Marna Goldstein Brauner
wisconsin academy gallery artist, 2000
wisconsin arts board artist fellowship award winner, 1998
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Artist resides in: Shorewood, WI
Email Address: email@example.com
Twenty-nine years ago, as a student, I took my first photographs in a cemetery. My graduate work consisted exclusively of cemetery images, most of them incorporated into photoscreenprinted quilts, dealing with the relationship between sleep with death. In the years since, my work has taken many seemingly different directions, but, looking back, I realize that in all of this work I have been dealing with the inevitability of death in some unconscious way. My first trip to Mexico for Day of the Dead six years ago seemed to trigger my passion for cemeteries once again, and I have been collecting my imagery in them ever since.
Originally, I used images that alluded to the "vanitas," still-life paintings of the 16th and 17th centuries that emphasize the aspect of vanity and life's fleeting nature. More and more, however, I have been influenced by the objects that decorate cemeteries, such as statuary and floral wreaths.
My work has taken the form of textile objects in which I modify antique linen handcrafted textiles, such as children's and dolls' clothes, handkerchiefs, doilies, tablecloths, towels, aprons. I have been particularly interested in the layering of my imagery, ornamentation and "notions" onto the history of the original textile, which was usually a lovingly made functional domestic object. My fascination with these objects grows from both the history of their utilitarian function and the original hand worked decoration, part of an anonymous domestic history. I modify them with photographic imagery, either applied with photoscreenprinting or computer inkjet heat transfers. They are then treated to obsessive beading. This attention to repetitive, time-consuming processes emphasizes the preciousness of these pieces as handcrafted objects. Finally, I stiffen each object, both to "freeze" it in an iconic gesture and to emphasize it as an object of display, rather than function.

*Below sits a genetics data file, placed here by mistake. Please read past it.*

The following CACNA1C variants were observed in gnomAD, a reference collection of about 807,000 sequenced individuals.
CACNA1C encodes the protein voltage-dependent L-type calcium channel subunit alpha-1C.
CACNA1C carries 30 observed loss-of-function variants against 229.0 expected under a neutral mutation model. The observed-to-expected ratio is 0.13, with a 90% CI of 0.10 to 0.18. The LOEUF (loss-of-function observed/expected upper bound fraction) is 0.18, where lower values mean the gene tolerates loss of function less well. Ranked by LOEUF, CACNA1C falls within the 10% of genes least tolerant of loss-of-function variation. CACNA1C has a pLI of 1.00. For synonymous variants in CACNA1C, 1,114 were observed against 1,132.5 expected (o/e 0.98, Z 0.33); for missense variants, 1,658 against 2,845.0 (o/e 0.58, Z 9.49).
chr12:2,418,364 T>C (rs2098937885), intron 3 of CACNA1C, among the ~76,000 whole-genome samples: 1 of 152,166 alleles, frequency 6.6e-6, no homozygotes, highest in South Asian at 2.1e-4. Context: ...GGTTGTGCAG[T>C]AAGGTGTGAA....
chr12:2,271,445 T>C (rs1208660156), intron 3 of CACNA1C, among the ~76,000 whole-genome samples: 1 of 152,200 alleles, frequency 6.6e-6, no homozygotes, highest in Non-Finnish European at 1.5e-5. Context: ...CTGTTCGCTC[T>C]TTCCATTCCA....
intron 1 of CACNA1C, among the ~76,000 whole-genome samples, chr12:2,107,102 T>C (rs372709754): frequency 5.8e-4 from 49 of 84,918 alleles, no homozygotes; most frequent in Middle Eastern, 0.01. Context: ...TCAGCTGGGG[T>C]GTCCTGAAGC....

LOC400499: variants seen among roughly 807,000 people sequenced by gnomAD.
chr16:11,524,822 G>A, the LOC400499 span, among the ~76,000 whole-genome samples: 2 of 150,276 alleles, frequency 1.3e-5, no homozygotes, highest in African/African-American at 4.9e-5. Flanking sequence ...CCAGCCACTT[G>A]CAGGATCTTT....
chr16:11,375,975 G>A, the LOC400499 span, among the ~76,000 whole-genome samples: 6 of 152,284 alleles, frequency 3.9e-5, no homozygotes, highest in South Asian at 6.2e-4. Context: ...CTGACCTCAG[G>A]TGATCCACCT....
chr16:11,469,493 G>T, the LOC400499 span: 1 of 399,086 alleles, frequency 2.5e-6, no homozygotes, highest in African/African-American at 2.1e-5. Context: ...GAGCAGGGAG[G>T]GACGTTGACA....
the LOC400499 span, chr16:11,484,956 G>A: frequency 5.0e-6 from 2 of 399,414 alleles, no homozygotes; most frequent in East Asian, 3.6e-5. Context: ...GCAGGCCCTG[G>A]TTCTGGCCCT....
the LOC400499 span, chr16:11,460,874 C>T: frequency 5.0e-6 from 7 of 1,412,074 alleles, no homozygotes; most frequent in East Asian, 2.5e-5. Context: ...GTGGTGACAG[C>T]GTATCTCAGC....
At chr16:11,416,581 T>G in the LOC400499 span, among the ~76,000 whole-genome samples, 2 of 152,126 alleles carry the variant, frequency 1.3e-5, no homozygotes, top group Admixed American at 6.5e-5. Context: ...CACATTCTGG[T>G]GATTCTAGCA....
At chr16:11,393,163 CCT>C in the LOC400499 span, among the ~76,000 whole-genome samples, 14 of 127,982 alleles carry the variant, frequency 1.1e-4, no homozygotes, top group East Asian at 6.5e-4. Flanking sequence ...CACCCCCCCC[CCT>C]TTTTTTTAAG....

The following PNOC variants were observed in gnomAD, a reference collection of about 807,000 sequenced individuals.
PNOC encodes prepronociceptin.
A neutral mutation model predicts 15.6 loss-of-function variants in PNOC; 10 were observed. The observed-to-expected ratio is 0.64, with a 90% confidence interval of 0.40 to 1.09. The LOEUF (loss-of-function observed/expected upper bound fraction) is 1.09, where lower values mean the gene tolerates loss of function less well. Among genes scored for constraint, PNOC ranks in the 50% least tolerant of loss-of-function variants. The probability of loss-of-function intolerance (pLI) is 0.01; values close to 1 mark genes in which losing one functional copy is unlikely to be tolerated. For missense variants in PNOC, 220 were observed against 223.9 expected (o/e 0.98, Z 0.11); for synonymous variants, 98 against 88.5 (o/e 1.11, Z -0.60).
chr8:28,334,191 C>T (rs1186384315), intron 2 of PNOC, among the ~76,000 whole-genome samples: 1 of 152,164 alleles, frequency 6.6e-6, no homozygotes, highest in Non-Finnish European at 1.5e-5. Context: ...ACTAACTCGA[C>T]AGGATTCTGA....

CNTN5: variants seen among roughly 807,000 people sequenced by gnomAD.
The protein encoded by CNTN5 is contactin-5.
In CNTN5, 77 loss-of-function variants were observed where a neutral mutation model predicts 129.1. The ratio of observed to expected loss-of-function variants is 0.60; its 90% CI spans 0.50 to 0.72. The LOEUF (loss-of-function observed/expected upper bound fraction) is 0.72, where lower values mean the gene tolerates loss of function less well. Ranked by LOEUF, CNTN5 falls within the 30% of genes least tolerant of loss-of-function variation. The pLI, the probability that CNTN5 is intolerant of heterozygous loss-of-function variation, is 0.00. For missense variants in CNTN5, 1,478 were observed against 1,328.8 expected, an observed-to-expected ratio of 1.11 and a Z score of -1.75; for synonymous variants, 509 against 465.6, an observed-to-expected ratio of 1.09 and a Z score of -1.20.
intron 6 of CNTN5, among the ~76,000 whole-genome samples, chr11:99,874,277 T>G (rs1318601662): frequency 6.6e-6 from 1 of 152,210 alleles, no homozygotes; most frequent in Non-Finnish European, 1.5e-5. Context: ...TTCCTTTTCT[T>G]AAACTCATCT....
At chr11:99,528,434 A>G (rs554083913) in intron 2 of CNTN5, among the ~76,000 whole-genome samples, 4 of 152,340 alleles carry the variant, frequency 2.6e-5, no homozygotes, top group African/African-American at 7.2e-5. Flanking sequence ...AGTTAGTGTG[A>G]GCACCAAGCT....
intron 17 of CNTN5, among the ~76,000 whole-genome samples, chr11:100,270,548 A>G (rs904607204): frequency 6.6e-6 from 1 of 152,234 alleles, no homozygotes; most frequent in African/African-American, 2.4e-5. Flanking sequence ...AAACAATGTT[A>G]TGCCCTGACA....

So, why my fascination with death? Fear--but never morbidity--may motivate it. I am drawn to the statuary as being "stone cold" representatives of flesh. By contrast, the flowers and wreathes are colorful and seemingly alive. Soon they, too, will be withered and gone. Perhaps my work, too, functions as a further memorial to memory and memorialization.
Marna Goldstein Brauner received her BFA from the School of the Art Institute of Chicago in 1974 and her MFA from California College of Arts and Crafts in 1977. She has exhibited her work nationally and internationally in both solo and group shows. She has received grants from the National Endowment for the Arts, the Wisconsin Arts Board and the Milwaukee Artists Foundation. Her work has been featured in the book "The Surface Designer's Art" as well as "Fiberarts Magazine" and "The Surface Design Journal." She has taught surface design for 25 years, including eight and one-half years at the University of Kansas and as a one-year visiting artist at The School of the Art Institute of Chicago. She is currently professor of art at the University of Wisconsin-Milwaukee, where she has taught for the past 13 years.